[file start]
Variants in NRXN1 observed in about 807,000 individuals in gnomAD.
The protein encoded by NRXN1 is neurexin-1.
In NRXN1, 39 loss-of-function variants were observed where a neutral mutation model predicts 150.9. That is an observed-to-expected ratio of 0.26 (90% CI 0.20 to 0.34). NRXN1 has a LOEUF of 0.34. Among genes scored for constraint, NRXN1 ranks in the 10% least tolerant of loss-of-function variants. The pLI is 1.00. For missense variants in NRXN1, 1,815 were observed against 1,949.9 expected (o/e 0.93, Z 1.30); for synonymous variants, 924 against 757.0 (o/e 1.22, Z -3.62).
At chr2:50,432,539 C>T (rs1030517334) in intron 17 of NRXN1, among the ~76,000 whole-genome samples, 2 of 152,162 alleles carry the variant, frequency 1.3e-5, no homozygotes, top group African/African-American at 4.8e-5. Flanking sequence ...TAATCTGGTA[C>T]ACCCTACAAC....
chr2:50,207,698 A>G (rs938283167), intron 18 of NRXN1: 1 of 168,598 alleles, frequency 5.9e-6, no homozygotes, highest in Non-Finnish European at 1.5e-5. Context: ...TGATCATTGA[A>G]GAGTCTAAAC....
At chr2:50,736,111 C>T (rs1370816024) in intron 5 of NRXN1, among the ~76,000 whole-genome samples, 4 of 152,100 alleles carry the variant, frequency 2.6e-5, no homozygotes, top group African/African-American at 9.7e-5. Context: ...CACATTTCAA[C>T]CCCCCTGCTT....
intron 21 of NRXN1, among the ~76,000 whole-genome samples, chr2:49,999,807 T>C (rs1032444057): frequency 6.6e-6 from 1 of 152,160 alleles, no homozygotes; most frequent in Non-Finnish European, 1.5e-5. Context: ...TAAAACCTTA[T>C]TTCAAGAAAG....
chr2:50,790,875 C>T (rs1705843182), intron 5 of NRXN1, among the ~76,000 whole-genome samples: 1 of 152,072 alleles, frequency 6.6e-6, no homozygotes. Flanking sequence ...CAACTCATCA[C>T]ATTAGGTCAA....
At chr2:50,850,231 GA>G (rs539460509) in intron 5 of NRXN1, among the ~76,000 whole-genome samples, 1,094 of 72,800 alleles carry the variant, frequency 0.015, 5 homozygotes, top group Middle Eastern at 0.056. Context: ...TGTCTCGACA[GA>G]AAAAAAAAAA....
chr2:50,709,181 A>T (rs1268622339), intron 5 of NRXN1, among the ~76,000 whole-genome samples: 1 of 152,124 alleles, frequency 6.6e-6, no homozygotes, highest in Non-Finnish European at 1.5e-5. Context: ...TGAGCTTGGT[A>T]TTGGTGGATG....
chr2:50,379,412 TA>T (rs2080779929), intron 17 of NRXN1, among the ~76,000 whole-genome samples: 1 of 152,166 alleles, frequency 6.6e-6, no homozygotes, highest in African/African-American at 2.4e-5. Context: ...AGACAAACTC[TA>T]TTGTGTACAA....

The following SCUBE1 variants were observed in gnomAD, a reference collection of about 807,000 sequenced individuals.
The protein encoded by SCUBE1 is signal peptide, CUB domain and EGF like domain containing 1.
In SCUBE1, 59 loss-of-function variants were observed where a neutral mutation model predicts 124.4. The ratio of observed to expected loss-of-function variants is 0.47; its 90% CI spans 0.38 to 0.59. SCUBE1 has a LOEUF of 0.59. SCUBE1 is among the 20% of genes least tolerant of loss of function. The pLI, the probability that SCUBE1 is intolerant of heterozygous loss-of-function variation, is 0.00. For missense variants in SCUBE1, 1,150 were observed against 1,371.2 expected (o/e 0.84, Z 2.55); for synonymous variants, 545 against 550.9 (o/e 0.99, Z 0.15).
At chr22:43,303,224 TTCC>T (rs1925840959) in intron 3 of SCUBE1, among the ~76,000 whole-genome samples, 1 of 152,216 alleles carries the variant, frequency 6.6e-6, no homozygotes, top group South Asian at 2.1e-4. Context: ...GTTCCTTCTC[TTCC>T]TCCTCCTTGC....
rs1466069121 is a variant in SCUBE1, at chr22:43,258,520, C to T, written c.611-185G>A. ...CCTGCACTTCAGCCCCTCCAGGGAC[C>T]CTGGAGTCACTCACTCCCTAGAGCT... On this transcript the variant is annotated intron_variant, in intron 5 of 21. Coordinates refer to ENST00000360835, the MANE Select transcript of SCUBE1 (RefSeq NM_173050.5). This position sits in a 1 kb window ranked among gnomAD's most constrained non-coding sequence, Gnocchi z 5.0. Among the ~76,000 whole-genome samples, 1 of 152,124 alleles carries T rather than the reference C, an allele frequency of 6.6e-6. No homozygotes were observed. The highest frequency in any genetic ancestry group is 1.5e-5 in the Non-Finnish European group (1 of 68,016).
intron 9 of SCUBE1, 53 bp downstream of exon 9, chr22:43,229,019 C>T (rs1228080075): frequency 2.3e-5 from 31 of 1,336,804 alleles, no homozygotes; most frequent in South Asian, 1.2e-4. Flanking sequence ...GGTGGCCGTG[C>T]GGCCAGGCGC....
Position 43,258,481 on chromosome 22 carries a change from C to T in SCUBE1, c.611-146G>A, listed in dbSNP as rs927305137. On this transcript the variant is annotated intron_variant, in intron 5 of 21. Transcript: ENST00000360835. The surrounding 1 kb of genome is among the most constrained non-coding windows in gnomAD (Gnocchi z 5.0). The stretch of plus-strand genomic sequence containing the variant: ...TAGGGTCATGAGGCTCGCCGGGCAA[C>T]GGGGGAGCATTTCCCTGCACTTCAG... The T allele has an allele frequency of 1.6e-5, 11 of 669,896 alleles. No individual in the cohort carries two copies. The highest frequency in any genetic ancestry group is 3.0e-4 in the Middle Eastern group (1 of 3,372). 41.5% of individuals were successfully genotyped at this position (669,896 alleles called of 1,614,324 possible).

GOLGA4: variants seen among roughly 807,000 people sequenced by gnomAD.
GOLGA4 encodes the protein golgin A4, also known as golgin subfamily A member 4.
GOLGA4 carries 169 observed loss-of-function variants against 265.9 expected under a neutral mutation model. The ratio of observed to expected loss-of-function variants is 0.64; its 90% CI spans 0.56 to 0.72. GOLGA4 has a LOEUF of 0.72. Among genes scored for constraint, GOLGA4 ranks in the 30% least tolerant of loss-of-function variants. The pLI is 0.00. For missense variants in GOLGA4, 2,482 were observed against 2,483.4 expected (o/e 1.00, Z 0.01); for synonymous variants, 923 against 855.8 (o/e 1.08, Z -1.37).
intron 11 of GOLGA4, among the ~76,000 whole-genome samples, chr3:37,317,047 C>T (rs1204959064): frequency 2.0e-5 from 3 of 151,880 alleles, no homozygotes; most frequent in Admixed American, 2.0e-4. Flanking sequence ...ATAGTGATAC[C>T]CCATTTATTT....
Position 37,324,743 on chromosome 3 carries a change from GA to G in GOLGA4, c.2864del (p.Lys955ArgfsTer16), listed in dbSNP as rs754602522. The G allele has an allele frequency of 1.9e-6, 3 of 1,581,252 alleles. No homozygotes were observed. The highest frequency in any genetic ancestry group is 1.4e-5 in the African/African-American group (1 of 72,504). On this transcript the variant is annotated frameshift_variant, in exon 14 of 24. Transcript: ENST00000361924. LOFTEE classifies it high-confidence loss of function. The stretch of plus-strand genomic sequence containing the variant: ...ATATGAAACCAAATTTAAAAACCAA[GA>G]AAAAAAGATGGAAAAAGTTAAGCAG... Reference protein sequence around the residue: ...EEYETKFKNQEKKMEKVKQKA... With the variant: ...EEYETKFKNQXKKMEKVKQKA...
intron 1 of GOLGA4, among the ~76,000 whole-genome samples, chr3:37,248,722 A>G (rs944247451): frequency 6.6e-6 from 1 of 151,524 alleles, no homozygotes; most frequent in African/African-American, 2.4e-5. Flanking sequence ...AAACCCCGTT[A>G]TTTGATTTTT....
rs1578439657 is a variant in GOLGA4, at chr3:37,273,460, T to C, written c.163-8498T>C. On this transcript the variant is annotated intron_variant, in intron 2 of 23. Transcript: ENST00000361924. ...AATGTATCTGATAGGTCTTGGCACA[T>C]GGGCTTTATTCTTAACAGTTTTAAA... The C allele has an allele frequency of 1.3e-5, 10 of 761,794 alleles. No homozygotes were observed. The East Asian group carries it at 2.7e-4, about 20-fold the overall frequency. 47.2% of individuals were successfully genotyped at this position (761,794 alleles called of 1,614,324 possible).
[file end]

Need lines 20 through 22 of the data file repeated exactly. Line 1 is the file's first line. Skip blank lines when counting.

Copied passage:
GOLGA4 encodes the protein golgin A4, also known as golgin subfamily A member 4.
GOLGA4 carries 169 observed loss-of-function variants against 265.9 expected under a neutral mutation model. The ratio of observed to expected loss-of-function variants is 0.64; its 90% CI spans 0.56 to 0.72. GOLGA4 has a LOEUF of 0.72. Among genes scored for constraint, GOLGA4 ranks in the 30% least tolerant of loss-of-function variants. The pLI is 0.00. For missense variants in GOLGA4, 2,482 were observed against 2,483.4 expected (o/e 1.00, Z 0.01); for synonymous variants, 923 against 855.8 (o/e 1.08, Z -1.37).
intron 11 of GOLGA4, among the ~76,000 whole-genome samples, chr3:37,317,047 C>T (rs1204959064): frequency 2.0e-5 from 3 of 151,880 alleles, no homozygotes; most frequent in Admixed American, 2.0e-4. Flanking sequence ...ATAGTGATAC[C>T]CCATTTATTT....